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Discussion Starter · #1 · (Edited)
So I had something unusual to ask. I doubt anyone has asked anything like this in a while.

I had 2 five frame nucs near each other. very close. No problems with robbing right now. Entrances are tight etc.

But...

One of them lost their queen right after she started laying. She was lost so fast they had time to do a few queen cells and then gone. I check and she's gone.

My question is, is it possible for a colony to reject a new queen if the queen in the colony next to them seems better to them? Is this possible? And could they smell the next box about 2 feet away and tell which is stronger and for this to happen?

It brings into question how far away they can smell their queen or other queens also I guess. Anyway it seemed really interesting to think about.

Thanks for any thoughts.
 

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The answer your looking for in short is no, this is not something that can be explained on a forum as it would be like typing a small book, on queen bee pheromones, and worker pheromones, along with quite a bit of evidence of brood producing pheromones. Many of these pheromones there is still little known about. Although on the queen side (9ODA & 9HDA) would probably be worth a look in the answer to your question. These and mandibular secretions, In studies queens without mandibular glands lost 85% of attractiveness to workers when introduced. (Gary, 1961b; Velthuis and van Es, 1964) Suggesting the mandibular secretions are perhaps the most important component attracting workers to queen. That said there is evidence showing age is a factor, not just successful mating. There’s a lot more we need to learn.
Cody
 

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Discussion Starter · #3 ·
The answer your looking for in short is no, this is not something that can be explained on a forum as it would be like typing a small book, on queen bee pheromones, and worker pheromones, along with quite a bit of evidence of brood producing pheromones. Many of these pheromones there is still little known about. Although on the queen side (9ODA & 9HDA) would probably be worth a look in the answer to your question. These and mandibular secretions, In studies queens without mandibular glands lost 85% of attractiveness to workers when introduced. (Gary, 1961b; Velthuis and van Es, 1964) Suggesting the mandibular secretions are perhaps the most important component attracting workers to queen. That said there is evidence showing age is a factor, not just successful mating. There’s a lot more we need to learn.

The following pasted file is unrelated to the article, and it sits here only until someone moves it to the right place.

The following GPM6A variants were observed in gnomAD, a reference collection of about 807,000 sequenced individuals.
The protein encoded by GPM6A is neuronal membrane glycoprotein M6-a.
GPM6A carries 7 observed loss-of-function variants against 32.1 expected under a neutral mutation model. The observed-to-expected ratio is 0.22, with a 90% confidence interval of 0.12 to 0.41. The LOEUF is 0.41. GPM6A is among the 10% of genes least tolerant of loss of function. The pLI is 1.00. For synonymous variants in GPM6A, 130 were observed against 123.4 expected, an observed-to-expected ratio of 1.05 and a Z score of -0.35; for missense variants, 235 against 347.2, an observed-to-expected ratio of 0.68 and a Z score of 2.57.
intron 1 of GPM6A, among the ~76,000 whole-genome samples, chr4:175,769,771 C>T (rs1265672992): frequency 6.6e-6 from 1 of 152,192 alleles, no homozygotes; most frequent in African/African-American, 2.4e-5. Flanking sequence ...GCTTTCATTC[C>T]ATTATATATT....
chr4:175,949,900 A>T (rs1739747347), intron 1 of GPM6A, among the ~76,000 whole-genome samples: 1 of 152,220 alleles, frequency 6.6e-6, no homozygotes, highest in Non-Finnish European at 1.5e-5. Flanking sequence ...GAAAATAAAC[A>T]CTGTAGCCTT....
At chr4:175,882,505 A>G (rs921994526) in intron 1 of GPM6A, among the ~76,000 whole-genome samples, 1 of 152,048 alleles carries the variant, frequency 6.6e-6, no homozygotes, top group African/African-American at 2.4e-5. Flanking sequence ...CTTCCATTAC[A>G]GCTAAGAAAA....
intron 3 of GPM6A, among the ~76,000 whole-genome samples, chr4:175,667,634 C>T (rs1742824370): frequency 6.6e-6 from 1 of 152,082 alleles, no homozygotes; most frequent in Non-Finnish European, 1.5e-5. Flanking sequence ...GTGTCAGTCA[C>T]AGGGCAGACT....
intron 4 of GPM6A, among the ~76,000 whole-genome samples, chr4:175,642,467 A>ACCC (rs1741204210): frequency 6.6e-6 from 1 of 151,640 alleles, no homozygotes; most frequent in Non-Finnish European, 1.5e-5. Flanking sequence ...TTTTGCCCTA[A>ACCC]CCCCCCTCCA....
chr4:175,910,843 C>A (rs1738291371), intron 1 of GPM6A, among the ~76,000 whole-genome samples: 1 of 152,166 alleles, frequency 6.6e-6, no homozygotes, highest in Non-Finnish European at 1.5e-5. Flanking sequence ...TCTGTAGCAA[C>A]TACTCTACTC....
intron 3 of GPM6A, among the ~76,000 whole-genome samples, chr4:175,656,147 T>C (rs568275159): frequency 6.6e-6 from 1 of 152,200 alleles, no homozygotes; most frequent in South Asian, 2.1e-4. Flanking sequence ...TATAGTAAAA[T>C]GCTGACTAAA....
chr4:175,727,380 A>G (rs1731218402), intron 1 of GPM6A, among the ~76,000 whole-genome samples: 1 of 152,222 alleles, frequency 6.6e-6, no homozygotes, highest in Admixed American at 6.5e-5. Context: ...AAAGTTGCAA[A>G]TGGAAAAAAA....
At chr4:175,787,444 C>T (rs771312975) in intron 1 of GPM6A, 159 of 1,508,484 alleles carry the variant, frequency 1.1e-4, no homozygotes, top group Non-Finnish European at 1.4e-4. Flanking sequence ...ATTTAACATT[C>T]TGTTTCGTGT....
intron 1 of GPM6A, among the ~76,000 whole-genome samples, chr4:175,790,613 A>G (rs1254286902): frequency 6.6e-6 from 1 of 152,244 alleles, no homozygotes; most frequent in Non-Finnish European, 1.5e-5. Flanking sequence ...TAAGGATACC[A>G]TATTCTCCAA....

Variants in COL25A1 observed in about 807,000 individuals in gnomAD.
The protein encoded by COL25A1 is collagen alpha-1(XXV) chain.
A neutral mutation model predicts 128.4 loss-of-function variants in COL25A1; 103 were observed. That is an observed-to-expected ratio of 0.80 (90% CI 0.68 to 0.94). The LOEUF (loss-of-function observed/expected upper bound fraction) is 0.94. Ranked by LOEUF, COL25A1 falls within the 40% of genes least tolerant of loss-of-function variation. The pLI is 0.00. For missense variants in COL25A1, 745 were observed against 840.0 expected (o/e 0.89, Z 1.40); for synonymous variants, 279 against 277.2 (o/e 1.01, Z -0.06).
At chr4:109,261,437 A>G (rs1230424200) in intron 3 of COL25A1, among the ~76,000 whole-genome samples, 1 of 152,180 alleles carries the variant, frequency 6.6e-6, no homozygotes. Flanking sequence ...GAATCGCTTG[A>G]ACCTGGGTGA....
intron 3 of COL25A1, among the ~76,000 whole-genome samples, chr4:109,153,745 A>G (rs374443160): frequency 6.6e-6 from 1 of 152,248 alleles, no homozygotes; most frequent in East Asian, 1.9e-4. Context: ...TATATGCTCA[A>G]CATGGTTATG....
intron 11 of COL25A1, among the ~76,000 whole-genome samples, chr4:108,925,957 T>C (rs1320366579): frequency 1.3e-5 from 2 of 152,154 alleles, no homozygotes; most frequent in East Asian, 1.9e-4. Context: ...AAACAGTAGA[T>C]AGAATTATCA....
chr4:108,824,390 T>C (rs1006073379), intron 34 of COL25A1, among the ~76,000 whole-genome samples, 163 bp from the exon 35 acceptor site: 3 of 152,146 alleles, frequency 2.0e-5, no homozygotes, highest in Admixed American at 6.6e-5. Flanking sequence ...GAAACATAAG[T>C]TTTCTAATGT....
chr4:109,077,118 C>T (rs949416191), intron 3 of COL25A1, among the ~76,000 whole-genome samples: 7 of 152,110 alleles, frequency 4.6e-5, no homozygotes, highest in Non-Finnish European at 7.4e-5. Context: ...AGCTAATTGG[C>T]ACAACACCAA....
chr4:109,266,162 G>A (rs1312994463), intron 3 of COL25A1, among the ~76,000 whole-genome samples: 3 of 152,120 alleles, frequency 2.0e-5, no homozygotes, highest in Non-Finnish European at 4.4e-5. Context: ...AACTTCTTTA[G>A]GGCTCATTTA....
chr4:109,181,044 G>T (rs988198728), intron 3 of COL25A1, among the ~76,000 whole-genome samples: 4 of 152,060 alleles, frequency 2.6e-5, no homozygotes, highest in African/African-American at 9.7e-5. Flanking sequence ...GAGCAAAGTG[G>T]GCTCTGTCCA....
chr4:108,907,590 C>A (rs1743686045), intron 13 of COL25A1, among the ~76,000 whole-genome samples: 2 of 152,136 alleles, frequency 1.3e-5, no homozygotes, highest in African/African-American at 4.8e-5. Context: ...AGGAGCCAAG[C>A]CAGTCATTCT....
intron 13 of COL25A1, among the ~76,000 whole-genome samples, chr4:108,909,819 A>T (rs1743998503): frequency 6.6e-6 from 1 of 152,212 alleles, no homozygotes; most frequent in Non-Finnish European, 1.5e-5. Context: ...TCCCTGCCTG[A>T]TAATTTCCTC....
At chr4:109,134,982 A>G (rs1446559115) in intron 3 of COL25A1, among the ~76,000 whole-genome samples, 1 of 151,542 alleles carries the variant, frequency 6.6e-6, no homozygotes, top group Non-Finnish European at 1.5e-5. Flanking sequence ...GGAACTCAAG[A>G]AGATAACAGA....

Cody
Thank you.
 

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I've run nucs side by side many seasons, and I've never had a queen jump ship or be rejected. What does happen occasionally, is that bees from a nuc or hive with a weaker queen will slowly migrate over to the hive or nuc with a much stronger queen. And this can happen even if the hives or nucs are not so close as to be considered side by side.
 

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Discussion Starter · #5 ·
I've run nucs side by side many seasons, and I've never had a queen jump ship or be rejected. What does happen occasionally, is that bees from a nuc or hive with a weaker queen will slowly migrate over to the hive or nuc with a much stronger queen. And this can happen even if the hives or nucs are not so close as to be considered side by side.
Wow that's quite interesting Ray. Thanks.
 

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It plays into so many variables, drift happens, we also see this in failed hives, however it remains, that all the bees in a failing hive will not leave. We know for a fact that the bees can identify, sisters and half sisters thus defense of hive. We know they can smell each other from a considerable distance. The male drone can identify a virgin queen from up to 60 meters and some believe farther. I mean if you have ever attempted to catch a swarm in a trap, it hinges on the ability of bees to locate pheromones. The biology of the honey bee or rather what we know to be correct or incorrect changes daily. It seems the more knowledge we gain, the greater the reality of just how little we know becomes.
 

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My question is, is it possible for a colony to reject a new queen if the queen in the colony next to them seems better to them? Is this possible? And could they smell the next box about 2 feet away and tell which is stronger and for this to happen?
If it was possible then the queenless nuc would never go laying worker, which it will if you dont put a frame of eggs in it.
 
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